This pervasive knowledge that a small syrinx cannot cause symptoms is patently absurd. Take my example. I had dermatomal numbness in my pinky and ring finger. First we tried to rule everything else out. MS, vitamin deficiency, carpal/cubital tunnel syndrome. After all that, and a number of dismissals by my GP and neurologist, I insisted on a cervical MRI. My GP chided me for wasting money and perscribed an antidepressant (which never did help). Guess what the MRI showed; a syrinx at C7--the exact dermatome where my first symptoms occurred.

For those of you who have left comments on my original post with similar stories, here are a couple of tips for you:

- See a pain specialist if your other doctors aren't responsive to your needs.

- Shop around for a good primary physician or neurologist (good luck) who will listen to you.

- Try walking every day. Nothing strenuous--but get a pedometer and walk 2 miles every day if you can tolerate it.

- Avoid straining or heavy lifting. 15 lbs is a good limit for anyone with a symptomatic syrinx.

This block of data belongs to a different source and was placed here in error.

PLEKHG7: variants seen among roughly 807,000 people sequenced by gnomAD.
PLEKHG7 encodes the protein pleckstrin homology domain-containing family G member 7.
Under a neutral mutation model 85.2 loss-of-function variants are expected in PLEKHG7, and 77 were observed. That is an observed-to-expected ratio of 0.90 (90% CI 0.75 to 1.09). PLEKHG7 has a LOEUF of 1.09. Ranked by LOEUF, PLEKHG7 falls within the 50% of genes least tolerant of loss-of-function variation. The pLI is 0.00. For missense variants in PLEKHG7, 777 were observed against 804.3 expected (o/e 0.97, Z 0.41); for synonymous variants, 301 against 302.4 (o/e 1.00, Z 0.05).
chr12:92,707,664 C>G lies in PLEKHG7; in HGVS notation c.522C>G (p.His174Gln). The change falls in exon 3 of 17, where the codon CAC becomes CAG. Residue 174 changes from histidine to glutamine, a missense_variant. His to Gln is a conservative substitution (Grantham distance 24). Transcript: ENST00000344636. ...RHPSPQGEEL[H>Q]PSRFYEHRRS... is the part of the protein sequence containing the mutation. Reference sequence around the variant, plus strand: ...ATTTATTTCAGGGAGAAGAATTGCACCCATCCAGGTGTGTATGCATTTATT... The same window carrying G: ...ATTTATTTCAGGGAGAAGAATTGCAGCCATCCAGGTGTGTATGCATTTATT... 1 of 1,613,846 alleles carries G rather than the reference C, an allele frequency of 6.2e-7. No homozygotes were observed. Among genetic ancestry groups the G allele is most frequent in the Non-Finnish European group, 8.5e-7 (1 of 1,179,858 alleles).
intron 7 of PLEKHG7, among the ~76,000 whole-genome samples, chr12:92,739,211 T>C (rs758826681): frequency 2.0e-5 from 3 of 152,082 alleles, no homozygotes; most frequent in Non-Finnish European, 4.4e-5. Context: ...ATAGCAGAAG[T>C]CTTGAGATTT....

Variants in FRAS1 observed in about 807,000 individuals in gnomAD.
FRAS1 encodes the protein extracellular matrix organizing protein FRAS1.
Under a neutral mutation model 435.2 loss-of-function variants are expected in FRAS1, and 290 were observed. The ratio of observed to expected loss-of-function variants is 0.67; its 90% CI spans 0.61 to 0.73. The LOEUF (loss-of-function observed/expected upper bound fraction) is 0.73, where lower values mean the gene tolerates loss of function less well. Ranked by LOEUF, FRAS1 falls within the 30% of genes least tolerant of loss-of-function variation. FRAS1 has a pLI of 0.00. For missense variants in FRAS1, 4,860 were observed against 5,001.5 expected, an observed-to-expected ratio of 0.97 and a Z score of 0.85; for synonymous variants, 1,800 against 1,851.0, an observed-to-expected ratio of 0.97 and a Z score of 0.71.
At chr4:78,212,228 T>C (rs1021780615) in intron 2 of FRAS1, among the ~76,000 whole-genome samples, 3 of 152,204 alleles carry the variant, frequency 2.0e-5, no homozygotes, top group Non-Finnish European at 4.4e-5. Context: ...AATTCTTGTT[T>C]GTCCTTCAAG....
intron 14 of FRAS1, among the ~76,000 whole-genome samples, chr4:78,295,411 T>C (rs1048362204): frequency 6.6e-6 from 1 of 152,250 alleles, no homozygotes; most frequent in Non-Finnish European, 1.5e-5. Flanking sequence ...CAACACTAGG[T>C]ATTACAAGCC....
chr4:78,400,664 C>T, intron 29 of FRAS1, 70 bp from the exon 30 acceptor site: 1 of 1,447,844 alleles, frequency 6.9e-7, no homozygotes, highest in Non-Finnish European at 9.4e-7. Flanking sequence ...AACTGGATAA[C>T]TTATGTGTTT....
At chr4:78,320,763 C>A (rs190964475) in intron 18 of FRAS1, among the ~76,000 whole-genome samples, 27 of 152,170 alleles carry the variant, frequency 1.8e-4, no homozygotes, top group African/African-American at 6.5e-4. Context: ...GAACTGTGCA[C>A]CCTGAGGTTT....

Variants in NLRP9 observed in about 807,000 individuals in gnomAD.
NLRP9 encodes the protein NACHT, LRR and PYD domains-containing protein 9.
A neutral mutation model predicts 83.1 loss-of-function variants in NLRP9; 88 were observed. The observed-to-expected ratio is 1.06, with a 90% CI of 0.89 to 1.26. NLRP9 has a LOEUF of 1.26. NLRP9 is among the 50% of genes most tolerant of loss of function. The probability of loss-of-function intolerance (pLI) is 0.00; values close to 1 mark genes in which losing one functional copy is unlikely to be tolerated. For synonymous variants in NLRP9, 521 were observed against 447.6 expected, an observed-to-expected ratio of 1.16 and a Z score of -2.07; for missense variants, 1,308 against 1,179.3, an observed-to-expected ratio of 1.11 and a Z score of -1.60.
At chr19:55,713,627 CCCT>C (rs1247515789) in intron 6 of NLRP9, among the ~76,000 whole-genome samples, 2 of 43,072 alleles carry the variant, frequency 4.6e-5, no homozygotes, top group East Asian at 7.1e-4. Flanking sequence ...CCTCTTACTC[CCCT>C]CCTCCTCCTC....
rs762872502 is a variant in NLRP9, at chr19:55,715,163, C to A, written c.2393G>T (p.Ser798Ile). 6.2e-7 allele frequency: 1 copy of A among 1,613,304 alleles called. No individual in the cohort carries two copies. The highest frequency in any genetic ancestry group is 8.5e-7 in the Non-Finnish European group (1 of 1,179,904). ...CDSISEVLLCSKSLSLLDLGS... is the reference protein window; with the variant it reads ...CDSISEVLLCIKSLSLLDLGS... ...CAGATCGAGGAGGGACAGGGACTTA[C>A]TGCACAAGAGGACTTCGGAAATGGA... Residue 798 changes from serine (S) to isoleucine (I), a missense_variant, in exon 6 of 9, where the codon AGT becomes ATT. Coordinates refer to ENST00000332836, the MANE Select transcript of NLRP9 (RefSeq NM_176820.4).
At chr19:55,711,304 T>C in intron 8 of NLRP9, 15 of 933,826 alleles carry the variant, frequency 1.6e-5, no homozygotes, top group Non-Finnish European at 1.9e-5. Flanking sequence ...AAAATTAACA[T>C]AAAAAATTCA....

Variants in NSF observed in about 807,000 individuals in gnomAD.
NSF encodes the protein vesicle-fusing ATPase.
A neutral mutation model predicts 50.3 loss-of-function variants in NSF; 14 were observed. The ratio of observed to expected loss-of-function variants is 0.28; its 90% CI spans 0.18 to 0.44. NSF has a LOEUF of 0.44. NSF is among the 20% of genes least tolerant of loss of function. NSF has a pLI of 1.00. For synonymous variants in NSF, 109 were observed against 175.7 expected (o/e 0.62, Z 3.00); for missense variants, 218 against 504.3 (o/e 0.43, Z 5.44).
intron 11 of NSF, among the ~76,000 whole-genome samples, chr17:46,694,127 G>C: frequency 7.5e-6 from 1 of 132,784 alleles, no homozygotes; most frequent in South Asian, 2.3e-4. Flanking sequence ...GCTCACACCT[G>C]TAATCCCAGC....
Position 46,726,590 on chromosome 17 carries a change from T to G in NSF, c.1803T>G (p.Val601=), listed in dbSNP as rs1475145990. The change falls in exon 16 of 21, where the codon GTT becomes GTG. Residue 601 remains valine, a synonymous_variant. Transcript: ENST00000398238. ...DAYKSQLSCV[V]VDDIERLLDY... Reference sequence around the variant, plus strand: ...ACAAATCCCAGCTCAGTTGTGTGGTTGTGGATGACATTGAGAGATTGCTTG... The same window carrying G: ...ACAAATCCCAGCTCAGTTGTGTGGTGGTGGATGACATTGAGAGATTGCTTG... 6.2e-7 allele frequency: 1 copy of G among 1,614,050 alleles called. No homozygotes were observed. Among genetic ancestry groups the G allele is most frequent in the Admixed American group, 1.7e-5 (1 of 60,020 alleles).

- Get involved--channel your pain into helping all of us who are afflicted with this painful condition and are getting poor medical care.

Also, see my post about pain medication I've tried for syringomyelia.

There are two parts to the posting. Consider printing them out and taking them to your doctor to discuss each drug. Neurontin is the #1 treatment for nerve pain from a symptomatic syrinx--but I've taken it for a couple of years now and it has some negatives. I don't think constant therapy with narcotics helps--and it may actually hurt (according to some of the brightest docs, e.g. Dr. Barth Green IIRC). They make you weak, depressed--that's the last thing we need. Episodic treatment is ok though. Sometimes you just need a break from intense pain.

The most effective drug for me has been dexamethasone, a potent steroid I first tried when I had detethering surgery (that drug seems to have helped more than the surgery). Unfortunately, this is not a drug you can take continually. I find it useful to treat occasional flare ups, but you may need something else to help you sleep--or you'll end up staring at the ceiling all night.